Off the court: my journey as a LeBron fan

How my support of LeBron James taught me resilience

Iman Malik

I’ve been through a lot in my life. When I was eight years old, I moved to a new state. When I was eleven, I tore my ACL and was told I could never play sports again. And last year, I fell victim to the extreme stress brought on by being a student at MVHS. But nothing in my life has been more difficult than being a LeBron fan.

For those of you who have been living under a rock for the past decade, LeBron James is one of the greatest basketball players of all time. After being drafted into the NBA straight out of high school, he has gone on to win three NBA championships and four MVP awards. His accomplishments have changed what it means to excel at a sport.

But those things didn’t matter as much to me. Even at age five, when most little kids look up to someone because of how talented they are, I looked for something different. In fact, it is the hope and inspiration LeBron provided to me at that age that made him one of my heroes. His rags to riches story was more spectacular than anyone else’s because of how far he was able to come. His hard work and talent were proof that anything was possible. But most of all, he taught me that nothing in life is given, and everything is earned.

Even off the court, LeBron was more of a hero to me than anyone else. He never let the fame go to his head. Despite making a worldwide impact, LeBron has never forgotten his humble beginnings in his hometown of Akron, Ohio – he gives back to thousands of underrepresented youth across America with the goal of making their paths to success easier than his.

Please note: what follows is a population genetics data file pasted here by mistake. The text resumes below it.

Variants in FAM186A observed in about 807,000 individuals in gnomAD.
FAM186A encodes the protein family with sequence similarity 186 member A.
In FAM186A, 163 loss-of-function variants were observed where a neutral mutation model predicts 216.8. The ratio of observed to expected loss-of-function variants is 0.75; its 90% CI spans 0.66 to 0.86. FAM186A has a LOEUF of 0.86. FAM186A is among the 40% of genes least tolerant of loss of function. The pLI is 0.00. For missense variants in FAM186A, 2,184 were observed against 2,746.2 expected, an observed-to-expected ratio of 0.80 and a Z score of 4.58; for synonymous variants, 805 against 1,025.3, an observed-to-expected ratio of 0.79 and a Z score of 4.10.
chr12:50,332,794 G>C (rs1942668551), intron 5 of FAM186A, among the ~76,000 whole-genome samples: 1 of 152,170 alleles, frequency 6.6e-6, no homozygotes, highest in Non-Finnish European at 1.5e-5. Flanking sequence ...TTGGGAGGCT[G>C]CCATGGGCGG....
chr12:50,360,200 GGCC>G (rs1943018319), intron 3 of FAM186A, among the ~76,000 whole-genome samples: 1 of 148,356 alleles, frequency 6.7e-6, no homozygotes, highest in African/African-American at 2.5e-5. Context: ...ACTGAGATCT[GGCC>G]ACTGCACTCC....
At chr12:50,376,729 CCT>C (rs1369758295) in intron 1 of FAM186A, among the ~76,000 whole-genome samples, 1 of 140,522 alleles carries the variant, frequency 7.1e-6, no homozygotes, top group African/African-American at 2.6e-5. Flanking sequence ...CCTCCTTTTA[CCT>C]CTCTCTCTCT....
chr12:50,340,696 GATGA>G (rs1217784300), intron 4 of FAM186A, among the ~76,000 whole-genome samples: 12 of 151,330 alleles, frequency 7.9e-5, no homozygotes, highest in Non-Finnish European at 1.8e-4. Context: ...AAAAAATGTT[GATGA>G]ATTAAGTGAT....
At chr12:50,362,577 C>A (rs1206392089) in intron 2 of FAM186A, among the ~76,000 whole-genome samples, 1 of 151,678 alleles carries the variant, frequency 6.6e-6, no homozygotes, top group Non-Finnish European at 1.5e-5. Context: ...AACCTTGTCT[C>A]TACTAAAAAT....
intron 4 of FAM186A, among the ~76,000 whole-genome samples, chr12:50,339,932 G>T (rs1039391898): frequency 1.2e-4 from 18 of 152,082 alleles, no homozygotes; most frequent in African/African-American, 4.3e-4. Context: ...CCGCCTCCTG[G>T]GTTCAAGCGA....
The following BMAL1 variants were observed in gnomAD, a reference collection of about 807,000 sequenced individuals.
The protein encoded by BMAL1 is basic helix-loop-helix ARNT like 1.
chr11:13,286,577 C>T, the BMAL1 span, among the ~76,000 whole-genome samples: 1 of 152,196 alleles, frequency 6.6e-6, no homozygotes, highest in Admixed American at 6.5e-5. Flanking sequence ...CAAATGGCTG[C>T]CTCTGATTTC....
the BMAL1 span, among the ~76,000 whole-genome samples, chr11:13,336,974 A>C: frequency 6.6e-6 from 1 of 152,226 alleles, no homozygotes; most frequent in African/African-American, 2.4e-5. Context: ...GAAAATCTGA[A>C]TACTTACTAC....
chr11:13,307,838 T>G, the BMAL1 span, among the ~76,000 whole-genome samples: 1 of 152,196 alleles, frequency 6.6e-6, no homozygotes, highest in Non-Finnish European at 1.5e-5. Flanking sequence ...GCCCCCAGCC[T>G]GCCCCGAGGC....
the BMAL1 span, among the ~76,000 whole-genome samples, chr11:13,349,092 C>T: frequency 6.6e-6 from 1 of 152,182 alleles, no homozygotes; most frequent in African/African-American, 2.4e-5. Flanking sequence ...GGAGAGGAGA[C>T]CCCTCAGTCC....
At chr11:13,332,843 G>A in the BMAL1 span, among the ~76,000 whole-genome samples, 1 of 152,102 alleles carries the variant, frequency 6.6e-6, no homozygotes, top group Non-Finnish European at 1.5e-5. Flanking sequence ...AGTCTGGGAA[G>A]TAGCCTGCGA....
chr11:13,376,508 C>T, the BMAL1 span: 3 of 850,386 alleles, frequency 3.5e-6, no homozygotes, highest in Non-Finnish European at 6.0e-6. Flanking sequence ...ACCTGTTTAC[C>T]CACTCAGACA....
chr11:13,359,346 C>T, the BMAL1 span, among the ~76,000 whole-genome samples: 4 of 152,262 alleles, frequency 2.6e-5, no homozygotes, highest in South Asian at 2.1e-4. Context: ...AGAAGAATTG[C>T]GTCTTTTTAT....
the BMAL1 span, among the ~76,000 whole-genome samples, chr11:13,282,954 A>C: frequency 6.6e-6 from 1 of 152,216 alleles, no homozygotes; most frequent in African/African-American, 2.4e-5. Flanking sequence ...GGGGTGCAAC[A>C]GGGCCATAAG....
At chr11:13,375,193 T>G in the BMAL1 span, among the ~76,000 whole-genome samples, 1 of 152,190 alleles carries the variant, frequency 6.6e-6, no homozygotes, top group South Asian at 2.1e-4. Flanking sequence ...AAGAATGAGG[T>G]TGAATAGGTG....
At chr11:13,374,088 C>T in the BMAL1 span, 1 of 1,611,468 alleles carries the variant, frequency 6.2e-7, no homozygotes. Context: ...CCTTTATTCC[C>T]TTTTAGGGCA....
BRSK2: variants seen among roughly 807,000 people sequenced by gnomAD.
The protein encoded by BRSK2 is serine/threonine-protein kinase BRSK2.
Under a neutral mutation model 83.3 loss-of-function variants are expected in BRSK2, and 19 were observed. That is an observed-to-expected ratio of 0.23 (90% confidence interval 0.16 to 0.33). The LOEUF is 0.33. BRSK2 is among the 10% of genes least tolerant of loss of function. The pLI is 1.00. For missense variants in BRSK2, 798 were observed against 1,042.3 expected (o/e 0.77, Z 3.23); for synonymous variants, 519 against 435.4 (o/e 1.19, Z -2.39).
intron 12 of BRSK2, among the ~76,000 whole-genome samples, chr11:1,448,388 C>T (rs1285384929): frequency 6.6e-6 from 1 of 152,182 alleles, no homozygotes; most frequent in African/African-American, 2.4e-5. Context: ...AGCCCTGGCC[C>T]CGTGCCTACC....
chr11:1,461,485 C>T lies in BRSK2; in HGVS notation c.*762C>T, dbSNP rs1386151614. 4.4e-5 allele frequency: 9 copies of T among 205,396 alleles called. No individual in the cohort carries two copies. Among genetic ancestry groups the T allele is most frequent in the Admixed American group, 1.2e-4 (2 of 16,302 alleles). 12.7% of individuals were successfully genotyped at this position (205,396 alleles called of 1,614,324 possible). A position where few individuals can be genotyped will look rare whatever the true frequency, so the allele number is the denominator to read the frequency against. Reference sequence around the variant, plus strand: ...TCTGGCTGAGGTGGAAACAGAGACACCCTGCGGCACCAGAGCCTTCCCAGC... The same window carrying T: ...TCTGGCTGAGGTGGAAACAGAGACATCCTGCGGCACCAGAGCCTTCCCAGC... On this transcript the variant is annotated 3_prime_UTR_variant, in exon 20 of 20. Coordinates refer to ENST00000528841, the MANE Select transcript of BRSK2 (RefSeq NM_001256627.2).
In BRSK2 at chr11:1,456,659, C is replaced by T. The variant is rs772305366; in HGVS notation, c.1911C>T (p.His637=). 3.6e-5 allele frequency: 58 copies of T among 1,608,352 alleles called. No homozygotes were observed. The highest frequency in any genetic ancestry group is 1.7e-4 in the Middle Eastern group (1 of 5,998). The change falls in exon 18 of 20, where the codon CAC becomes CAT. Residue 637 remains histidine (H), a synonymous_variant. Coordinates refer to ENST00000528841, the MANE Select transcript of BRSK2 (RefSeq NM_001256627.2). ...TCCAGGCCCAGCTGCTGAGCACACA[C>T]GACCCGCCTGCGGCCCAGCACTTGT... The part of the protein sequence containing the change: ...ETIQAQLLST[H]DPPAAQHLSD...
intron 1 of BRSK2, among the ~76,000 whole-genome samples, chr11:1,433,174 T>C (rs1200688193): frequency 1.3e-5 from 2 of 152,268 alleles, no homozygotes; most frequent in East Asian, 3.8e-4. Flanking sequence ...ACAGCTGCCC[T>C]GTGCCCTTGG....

Growing up in California, supporting LeBron was almost always viewed as a sin. It was because of him that local teams like the Warriors didn’t stand a chance of winning a championship. His sheer dominance in the basketball scene created a sense of loathing amongst my classmates, but since LeBron wasn’t there to receive their hate, I took it upon myself to defend his honor.

In sixth grade, when I wore my Miami Heat jersey to class, the entire class booed me until the teacher finally told them to quiet down. I was called a bandwagon and a fake fan only because I supported the winning team. But my admiration for LeBron is what made me resilient. I knew that he was the best, and that was impossible to deny.  

Every time he switched teams, I bought a jersey to match. My closet floor – the home of souvenirs from my past – is littered with posters, bags, and old t-shirts emblazoned with his trademark crown logo. And even though his career has begun to reach its inevitable decline, he still inspires me the same way he did when I was a little girl.

Sometimes backing down felt like the easier option. But I knew that’s not what LeBron would do. Everyone criticized his decisions to switch teams – the press, haters and even fans. But I knew that believing in something meant standing by it no matter what. So when the insults became personal and the jeers became louder, I did what he would do – I held my head high and continued to move forward.